The first beer I ever had was Budweiser. It’s amazing I ever drank beer again. It wasn’t the first booze I had – that was champagne on New Years Eve 1989, as befits Vanderbilt Man. Then when I started college, there was Bacardi silver (usually dumped in a Dr Pepper) and Asti Spumante (thanks to a new girlfriend in an Anne of Green Gables phase). But the first beer I remember having was on my birthday in 1991. I was turning 19. And it. Was. Disgusting.
Twenty-six years on, I have learned that apparently Budweiser does this on purpose. Whole hops, not pellets like many brewers use. Exacting quality control. “Beechwood aged.” As Pete Brown says, they are making this on purpose because they think this is what a quality beer tastes like. Which is truly a shame. By summer, my preferred alcoholic libation was vodka and Coca-Cola. By my senior year of college, it was the gin martini, served in quantity while watching Moonlighting reruns after class. I would drink Miller Lite if required, but any sort of cocktail was always preferable. Sometime in there I first made an effort at scotch and soda at some sorority function, and it was smoky and intriguing and I put that in the back of my head for later.
When I got to grad school, it was the age of red things. Red Dog was the official beer of the Vanderbilt Graduate Department of Political Science. We got through tons of it. I don’t know how. It’s not like it was good, but Gerst (the closest thing to a local microbrew in Nashville) was too expensive to obtain in quantity and Red Dog was…not. If we were boozing it up, my go-to was Jack Daniels Amber Lager while that was a thing – or better yet a Manhattan, the cocktail that Tracy J. said made me look like I didn’t have to prove anything. And that carried me right up to the end of my days in Nashville.
By the time I got to DC, I was part of a larger Internet community with a strong Boston contingent. So it became Sam Adams for a while. I’d even had the Samuel Adams Triple Bock once back at Vandy (one of the world’s finest syrupy beers) but I still spent the majority of my alcohol time with cocktails of one sort of another. I even have a copy of Paul Harrington’s Cocktail which I believe is worth about ten times what I paid for it. Maker’s Mark Manhattans, the “Drink Without A Name,” the occasional attempt at a Tom Collins, maybe a black and tan once in a while. And then, in a way, the dam was breached at the Vintage Virginia wine festival in 1999 when I had a nice dry amber cider that wasn’t sickly sweet and brought a nice punch without being leveling.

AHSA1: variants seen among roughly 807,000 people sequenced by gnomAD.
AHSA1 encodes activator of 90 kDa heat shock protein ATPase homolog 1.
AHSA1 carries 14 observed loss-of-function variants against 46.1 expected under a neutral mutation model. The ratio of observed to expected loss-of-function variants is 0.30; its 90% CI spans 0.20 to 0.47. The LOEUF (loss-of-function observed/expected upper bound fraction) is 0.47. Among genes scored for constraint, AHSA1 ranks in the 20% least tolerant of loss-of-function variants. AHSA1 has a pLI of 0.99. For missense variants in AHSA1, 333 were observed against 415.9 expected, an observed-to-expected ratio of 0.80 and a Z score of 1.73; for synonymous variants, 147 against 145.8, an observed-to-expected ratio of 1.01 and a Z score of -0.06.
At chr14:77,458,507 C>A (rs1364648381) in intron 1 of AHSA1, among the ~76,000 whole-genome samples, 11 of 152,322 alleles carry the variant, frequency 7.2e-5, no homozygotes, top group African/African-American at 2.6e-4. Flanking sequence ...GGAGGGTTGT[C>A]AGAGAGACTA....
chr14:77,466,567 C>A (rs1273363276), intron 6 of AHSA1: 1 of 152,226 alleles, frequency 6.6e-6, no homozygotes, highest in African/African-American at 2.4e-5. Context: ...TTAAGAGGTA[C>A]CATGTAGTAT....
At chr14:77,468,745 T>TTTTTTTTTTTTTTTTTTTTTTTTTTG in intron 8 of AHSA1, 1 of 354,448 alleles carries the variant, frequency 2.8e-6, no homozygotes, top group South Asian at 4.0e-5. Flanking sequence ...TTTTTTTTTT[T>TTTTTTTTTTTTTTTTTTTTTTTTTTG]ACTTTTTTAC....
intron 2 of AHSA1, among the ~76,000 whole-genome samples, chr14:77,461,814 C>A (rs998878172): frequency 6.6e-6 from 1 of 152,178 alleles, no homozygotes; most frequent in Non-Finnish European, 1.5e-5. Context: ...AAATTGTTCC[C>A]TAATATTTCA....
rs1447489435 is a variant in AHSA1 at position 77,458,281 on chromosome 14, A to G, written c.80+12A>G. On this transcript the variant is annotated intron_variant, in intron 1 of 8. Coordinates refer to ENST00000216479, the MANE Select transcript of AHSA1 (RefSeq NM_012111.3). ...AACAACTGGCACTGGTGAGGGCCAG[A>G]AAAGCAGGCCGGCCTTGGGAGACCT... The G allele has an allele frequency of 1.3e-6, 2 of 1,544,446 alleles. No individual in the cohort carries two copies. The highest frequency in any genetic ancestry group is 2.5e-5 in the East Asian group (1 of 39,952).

But then the 4Ps happened.
The loved and lamented Ireland’s Four Provinces, in Cleveland Park, Washington DC, was where almost everything important in our lives happened between January 2000 and June 2004. Birthdays were celebrated, co-workers were saluted in departure, new beaux were examined for faults, pipes were smoked and pints were drunk. And our Irishman swore to us that the 4Ps pulled the finest pint he’d had outside Ireland. I’d had Guinness before, of course, but this was the age before the rocket widget – bottled Guinness usually meant Extra Stout, not the creamy black perfection in the signature glass. 125 calories per 12 ounces, less than Coca-Cola. 4.2% ABV, comparable to an American light lager, which meant you wouldn’t die on those nights when you had ten or twelve in eight hours. It was smooth, it was flavorful, it was delightful. And because Washington DC had more Irish bars than the Bible has Psalms, it was available pretty much everywhere we ever drank, from the 4Ps to Nanny O’Brien’s to Fado to Mackey’s to the Four Courts.